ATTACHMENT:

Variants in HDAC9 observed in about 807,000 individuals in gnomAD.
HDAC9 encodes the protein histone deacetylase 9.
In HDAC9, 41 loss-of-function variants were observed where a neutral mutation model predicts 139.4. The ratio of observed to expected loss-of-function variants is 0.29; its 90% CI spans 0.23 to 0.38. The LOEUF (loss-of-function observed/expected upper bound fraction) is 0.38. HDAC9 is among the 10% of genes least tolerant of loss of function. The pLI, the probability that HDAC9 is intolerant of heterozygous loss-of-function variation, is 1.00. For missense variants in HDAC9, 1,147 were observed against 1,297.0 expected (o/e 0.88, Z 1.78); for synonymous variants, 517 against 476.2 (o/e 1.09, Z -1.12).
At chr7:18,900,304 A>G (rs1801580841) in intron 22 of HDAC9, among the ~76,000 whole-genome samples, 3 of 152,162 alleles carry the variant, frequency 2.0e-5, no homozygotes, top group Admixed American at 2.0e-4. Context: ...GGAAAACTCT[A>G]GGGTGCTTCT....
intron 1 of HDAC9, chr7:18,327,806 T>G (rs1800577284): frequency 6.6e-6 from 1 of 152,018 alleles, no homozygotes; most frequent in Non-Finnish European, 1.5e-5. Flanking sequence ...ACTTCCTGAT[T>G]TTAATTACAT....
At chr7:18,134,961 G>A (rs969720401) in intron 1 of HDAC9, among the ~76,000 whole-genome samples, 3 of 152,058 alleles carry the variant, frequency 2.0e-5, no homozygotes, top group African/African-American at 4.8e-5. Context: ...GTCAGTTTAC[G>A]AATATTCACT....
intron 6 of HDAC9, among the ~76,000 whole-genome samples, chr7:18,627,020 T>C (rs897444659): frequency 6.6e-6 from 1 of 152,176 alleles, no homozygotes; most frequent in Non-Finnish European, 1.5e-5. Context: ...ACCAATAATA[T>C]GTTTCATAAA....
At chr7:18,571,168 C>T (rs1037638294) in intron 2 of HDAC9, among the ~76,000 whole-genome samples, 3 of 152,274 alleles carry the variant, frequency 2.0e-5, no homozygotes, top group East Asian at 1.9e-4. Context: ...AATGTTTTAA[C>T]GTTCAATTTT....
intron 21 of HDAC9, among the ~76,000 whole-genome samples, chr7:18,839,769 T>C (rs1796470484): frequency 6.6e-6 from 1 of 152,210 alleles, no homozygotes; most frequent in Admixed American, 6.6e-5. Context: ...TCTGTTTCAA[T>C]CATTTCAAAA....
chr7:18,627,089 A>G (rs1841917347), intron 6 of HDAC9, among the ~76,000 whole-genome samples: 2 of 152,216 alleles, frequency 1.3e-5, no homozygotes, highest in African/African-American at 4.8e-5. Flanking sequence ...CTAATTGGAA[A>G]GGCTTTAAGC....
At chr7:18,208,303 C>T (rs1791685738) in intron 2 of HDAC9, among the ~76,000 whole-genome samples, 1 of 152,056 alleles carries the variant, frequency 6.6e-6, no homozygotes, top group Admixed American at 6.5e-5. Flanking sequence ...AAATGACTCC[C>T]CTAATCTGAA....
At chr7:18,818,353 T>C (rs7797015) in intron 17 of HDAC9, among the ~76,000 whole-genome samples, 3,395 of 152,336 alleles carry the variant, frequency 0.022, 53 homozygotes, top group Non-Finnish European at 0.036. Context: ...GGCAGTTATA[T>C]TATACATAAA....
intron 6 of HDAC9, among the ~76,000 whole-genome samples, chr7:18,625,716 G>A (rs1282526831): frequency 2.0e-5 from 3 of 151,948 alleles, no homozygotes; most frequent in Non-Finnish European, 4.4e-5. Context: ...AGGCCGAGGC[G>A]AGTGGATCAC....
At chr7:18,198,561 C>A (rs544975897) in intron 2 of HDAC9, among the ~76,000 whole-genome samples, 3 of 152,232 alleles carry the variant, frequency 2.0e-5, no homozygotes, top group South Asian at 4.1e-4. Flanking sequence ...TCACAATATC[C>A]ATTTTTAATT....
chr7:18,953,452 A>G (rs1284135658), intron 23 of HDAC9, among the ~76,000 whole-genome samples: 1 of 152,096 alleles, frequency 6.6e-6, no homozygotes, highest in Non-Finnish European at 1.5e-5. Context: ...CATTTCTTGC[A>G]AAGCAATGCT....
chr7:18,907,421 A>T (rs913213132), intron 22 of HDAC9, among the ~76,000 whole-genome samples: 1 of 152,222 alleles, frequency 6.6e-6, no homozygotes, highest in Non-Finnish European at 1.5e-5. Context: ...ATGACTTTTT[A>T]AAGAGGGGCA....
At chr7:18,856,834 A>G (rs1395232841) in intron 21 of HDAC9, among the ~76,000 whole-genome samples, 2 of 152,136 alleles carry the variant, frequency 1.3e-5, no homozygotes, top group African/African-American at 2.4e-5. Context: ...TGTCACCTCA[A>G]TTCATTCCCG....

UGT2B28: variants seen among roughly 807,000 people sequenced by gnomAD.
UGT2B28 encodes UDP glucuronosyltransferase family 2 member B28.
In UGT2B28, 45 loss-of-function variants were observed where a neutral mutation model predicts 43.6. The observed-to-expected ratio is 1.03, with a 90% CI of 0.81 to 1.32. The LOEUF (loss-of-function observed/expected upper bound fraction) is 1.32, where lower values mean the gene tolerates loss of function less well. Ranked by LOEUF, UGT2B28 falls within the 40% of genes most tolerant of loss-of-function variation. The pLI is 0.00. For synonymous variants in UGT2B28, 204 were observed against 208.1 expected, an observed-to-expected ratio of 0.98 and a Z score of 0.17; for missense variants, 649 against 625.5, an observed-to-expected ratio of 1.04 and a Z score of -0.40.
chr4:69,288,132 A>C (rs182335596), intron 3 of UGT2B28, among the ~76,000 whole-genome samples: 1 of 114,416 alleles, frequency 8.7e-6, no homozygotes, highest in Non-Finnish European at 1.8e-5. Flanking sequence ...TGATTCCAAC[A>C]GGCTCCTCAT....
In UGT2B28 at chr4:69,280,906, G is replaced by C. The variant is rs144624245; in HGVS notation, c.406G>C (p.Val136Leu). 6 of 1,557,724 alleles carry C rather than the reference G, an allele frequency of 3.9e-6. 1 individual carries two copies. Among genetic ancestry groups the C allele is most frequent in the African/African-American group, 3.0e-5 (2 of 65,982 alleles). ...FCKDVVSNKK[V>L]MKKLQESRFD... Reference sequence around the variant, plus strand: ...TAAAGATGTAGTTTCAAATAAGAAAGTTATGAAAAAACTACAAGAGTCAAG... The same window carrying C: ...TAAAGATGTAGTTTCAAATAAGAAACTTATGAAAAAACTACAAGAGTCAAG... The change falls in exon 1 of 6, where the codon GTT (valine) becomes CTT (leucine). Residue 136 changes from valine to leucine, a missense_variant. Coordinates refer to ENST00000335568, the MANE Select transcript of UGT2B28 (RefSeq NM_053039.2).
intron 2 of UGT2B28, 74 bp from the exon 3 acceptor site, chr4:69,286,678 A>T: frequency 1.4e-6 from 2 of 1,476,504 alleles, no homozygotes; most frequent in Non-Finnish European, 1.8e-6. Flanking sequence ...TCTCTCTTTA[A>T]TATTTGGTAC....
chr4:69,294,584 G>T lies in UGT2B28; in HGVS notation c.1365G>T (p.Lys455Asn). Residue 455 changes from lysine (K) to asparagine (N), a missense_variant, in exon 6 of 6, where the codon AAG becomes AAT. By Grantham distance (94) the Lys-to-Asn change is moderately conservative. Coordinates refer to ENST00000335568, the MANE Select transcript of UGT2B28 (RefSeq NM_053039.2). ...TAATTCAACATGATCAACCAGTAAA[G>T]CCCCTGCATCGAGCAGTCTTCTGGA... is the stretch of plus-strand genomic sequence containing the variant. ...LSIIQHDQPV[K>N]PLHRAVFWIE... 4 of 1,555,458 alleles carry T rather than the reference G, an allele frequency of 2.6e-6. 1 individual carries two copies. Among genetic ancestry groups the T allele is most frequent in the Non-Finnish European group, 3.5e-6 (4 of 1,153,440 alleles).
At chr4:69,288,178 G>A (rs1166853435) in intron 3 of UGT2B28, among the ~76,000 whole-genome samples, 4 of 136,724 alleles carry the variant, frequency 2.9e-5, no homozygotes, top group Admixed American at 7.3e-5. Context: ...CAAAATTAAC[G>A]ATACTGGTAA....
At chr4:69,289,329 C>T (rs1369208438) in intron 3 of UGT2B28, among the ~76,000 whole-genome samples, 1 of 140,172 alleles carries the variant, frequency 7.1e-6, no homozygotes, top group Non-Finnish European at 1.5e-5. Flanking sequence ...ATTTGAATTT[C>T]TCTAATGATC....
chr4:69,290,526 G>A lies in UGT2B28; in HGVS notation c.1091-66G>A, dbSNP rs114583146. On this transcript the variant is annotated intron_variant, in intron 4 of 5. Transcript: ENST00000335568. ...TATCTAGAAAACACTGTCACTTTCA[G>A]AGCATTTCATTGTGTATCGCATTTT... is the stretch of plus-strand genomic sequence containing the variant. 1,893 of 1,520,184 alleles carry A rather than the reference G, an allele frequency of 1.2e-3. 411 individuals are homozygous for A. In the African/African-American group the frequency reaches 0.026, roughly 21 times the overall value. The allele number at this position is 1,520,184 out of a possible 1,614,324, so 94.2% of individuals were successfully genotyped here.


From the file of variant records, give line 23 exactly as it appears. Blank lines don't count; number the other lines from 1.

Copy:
intron 2 of UGT2B28, 74 bp from the exon 3 acceptor site, chr4:69,286,678 A>T: frequency 1.4e-6 from 2 of 1,476,504 alleles, no homozygotes; most frequent in Non-Finnish European, 1.8e-6. Flanking sequence ...TCTCTCTTTA[A>T]TATTTGGTAC....